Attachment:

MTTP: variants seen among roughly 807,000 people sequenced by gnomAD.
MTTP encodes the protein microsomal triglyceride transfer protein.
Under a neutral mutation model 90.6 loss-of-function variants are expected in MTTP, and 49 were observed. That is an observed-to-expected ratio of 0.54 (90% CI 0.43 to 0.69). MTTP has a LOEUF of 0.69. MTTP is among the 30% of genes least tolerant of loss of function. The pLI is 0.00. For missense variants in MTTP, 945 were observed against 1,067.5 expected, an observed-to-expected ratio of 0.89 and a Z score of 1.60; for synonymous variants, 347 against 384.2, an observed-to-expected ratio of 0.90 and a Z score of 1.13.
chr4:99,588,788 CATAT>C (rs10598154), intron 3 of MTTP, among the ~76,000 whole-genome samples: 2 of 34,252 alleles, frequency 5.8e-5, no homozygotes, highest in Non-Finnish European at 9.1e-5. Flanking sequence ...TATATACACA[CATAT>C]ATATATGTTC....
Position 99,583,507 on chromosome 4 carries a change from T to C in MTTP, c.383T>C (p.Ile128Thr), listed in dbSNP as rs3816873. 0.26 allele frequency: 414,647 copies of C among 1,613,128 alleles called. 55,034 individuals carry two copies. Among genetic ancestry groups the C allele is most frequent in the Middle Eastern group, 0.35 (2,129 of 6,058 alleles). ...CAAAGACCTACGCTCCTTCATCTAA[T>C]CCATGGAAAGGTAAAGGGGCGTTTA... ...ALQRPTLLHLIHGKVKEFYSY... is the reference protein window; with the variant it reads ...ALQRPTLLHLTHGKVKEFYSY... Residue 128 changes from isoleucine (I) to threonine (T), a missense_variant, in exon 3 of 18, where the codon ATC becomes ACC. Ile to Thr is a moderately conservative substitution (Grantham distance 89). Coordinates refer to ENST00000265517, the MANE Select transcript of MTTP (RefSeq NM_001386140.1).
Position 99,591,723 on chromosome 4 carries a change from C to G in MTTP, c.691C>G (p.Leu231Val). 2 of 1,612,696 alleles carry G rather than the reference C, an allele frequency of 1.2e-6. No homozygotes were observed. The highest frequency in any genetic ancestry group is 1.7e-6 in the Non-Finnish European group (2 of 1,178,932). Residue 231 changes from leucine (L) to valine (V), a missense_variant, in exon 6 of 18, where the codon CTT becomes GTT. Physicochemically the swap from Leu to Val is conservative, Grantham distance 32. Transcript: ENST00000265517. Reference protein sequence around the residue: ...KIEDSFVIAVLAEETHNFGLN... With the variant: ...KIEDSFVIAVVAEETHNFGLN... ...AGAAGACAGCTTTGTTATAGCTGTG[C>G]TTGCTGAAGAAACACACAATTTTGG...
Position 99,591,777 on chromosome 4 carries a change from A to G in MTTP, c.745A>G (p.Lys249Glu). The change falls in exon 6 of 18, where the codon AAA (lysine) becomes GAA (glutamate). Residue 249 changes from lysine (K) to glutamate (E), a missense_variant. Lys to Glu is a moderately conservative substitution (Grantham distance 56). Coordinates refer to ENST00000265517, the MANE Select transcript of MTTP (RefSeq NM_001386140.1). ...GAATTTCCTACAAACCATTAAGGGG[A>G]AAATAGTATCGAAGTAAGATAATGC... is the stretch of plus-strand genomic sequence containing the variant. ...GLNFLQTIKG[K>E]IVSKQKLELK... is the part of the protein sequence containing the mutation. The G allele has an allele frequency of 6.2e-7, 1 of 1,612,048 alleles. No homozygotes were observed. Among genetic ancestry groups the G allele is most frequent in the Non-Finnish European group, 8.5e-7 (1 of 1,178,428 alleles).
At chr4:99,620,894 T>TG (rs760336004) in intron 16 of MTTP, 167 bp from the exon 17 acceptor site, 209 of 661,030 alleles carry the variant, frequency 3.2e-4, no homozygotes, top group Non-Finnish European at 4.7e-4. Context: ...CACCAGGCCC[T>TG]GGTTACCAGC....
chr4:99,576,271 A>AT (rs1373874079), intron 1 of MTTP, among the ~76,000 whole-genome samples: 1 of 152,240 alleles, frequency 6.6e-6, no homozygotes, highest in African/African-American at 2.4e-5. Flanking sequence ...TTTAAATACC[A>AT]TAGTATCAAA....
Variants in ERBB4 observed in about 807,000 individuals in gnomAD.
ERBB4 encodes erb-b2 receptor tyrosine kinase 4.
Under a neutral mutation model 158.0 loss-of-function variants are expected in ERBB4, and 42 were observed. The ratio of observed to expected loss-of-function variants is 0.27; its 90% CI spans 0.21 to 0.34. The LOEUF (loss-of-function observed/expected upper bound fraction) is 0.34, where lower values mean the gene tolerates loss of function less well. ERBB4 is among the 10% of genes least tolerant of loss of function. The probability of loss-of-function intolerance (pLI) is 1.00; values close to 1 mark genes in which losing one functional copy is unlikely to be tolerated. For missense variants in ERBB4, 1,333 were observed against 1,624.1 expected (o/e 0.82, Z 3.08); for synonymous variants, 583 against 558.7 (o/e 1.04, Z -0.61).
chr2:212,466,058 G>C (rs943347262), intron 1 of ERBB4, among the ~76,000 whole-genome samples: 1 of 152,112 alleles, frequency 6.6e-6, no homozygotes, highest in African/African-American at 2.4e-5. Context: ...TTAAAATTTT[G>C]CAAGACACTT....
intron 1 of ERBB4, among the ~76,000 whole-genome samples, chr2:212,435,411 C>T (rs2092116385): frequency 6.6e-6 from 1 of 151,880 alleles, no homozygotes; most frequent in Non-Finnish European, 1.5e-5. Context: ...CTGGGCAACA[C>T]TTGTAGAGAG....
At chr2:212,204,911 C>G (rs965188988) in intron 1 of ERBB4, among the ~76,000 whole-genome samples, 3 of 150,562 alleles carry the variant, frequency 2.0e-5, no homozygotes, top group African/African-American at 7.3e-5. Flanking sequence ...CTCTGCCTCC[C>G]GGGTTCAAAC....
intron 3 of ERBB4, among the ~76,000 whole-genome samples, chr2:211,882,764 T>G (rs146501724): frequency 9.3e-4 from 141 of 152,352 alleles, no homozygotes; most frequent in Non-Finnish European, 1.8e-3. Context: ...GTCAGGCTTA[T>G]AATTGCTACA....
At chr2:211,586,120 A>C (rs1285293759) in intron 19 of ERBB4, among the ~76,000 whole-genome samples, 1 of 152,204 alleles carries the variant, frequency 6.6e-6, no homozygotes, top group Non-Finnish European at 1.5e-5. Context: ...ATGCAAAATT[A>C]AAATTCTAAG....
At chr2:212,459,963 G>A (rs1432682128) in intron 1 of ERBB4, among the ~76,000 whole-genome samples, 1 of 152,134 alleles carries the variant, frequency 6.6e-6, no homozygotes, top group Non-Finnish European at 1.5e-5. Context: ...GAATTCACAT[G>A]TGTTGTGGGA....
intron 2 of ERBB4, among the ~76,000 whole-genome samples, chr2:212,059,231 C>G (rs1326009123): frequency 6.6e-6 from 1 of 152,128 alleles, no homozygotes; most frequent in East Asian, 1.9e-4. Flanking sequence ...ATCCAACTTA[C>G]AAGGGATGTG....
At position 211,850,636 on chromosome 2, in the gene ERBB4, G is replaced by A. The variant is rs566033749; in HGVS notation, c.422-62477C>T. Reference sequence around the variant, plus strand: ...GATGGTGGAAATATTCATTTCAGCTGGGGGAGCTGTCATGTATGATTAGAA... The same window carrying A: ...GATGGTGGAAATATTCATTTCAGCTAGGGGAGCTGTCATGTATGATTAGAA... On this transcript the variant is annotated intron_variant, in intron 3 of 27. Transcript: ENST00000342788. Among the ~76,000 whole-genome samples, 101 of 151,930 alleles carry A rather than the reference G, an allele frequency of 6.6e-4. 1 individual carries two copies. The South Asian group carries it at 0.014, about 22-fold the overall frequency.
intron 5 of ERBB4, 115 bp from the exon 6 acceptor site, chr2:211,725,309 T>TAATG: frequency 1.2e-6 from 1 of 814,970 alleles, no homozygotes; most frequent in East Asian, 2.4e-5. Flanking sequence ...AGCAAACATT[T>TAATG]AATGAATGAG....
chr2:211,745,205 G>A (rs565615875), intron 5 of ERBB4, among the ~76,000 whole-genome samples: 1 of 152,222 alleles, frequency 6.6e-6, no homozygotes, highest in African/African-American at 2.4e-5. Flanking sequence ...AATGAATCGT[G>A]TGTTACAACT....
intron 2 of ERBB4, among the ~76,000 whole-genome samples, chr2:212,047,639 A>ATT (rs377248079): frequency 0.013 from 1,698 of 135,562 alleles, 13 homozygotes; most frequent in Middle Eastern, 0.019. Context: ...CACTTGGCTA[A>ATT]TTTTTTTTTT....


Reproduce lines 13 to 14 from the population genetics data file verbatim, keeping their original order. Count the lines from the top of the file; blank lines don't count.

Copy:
chr2:212,466,058 G>C (rs943347262), intron 1 of ERBB4, among the ~76,000 whole-genome samples: 1 of 152,112 alleles, frequency 6.6e-6, no homozygotes, highest in African/African-American at 2.4e-5. Context: ...TTAAAATTTT[G>C]CAAGACACTT....
intron 1 of ERBB4, among the ~76,000 whole-genome samples, chr2:212,435,411 C>T (rs2092116385): frequency 6.6e-6 from 1 of 151,880 alleles, no homozygotes; most frequent in Non-Finnish European, 1.5e-5. Context: ...CTGGGCAACA[C>T]TTGTAGAGAG....